SPRINGDALE, Utah — Trish Jennings watched customers dining 6 feet apart outside her Bit & Spur Restaurant and Saloon on an evening in mid-August, missing the usual gregarious chatter of outdoor adventures.
This small southwest Utah town sits just outside the gates of Zion National Park, and most of the restaurant’s customers arrived after a day exploring the park’s 2,000-foot-deep canyon. Jennings, 53, and her staff are accustomed to swapping hiking and camping stories with thousands of visitors every summer from all over the world, often forging new friendships.
For many residents like Jennings, those daily exchanges were essential to the town’s spirit, often making it seem bigger than a community of 660 people.
But the COVID-19 pandemic — along with Springdale’s new social distancing measures and mask requirement — have given the easygoing, sociable town a subdued feeling this summer.
While tourists have steadily returned since the park reopened on May 13, there are still fewer than usual — 449,518 recreational visitors in July, down from 629,802 the same time last year, with few, if any, coming from outside the country — and the conversations in restaurants, shops and motels are shorter and more transactional. Many of the town’s elderly residents are staying home, avoiding the crowds at the park.
“We still try to talk to people as much as we can, but it’s those connections, those heart connections, that you miss,” said Jennings, who has co-owned the Bit & Spur for 26 years. “That’s not happening like it used to.”
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As in many towns at the entrances to national parks, residents of Springdale have faced a dilemma during the pandemic: They need tourists to return with an influx of cash for local businesses, but they fear the virus those visitors could bring into their community.
“It’s like we’re in the ultimate Catch-22, because we want them to return, but we also need people to play it safe,” said Julie Gregoric, who has owned Springdale’s Sol Foods Supermarket and Hoodoos General Store and Ice Cream Parlor for 20 years.
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Gregoric, 59, who described Sol Foods as catering to both the Cheez Whiz and Gouda crowds, misses joking with children about how many miles their parents made them hike or learning languages from the international visitors — she can tell people how to get to the liquor store in French, Italian and Spanish.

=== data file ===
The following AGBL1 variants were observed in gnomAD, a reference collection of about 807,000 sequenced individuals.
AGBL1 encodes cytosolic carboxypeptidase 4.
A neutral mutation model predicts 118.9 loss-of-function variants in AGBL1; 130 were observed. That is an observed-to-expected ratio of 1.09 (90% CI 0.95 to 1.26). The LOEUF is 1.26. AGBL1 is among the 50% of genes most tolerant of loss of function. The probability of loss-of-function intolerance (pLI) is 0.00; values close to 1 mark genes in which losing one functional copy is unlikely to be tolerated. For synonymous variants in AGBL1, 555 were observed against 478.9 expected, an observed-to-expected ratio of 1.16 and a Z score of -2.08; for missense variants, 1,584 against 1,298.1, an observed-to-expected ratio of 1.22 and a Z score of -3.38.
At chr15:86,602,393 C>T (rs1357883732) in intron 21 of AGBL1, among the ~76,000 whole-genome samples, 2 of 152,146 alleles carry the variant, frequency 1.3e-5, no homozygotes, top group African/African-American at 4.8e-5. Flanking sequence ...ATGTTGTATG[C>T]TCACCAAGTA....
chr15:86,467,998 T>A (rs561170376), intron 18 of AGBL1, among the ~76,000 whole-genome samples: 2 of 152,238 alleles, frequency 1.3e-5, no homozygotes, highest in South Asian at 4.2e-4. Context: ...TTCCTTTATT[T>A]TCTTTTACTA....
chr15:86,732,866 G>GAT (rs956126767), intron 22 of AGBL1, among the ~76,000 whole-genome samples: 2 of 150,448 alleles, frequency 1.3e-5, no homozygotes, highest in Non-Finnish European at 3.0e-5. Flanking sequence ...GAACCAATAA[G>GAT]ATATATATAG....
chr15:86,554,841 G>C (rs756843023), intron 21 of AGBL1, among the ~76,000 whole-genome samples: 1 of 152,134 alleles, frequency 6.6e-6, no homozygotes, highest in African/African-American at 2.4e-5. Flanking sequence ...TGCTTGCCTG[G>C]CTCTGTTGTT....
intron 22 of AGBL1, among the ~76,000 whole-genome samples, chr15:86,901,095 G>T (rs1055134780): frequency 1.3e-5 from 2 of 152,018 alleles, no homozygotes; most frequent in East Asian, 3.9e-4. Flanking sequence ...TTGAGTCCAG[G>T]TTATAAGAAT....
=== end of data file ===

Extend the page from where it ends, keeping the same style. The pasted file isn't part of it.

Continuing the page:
“It’s hard to say when we’ll be able to talk with people like that again,” she said.
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Springdale started as a farming community settled by Mormon pioneers in the late 1800s, but now the economy is almost entirely reliant on the more than 4 million tourists who visit Zion National Park every year. The hikers, backpackers and campers who stroll through the town from March to October are as much a part of Springdale’s backdrop as the towering red and white sandstone canyon walls that encompass it.
Springdale officials and residents knew the park’s closure in early April would be financially devastating for many in town, but they still pleaded for it, to reduce the risk to residents. They worried that the virus could overwhelm the town’s single private clinic, which had the capacity to splint sprains and stitch cuts but not treat people infected with a deadly virus.
“The park was just getting really packed with people,” Town Council member Suzanne Elger said. “So from a health and safety standpoint, it seemed like the best thing to do to protect the people who live here, work here and visit here.”
Town officials say that since March, there have been about a dozen coronavirus cases in Springdale and no deaths.
After the park reopened in May following its six-week shutdown, Springdale officials enacted a mask mandate in July, requiring people to wear masks in retail and commercial establishments, while waiting to be seated and served at restaurants and at community gatherings. Utah is one of 16 states that do not have statewide mask mandates, and Springdale officials had to ask Gov. Gary Herbert, a Republican, for permission to enact the measure. Herbert agreed; he also allowed mask requirements in three other places in the state, including Grand County, home to Moab, just outside Arches and Canyonlands national parks.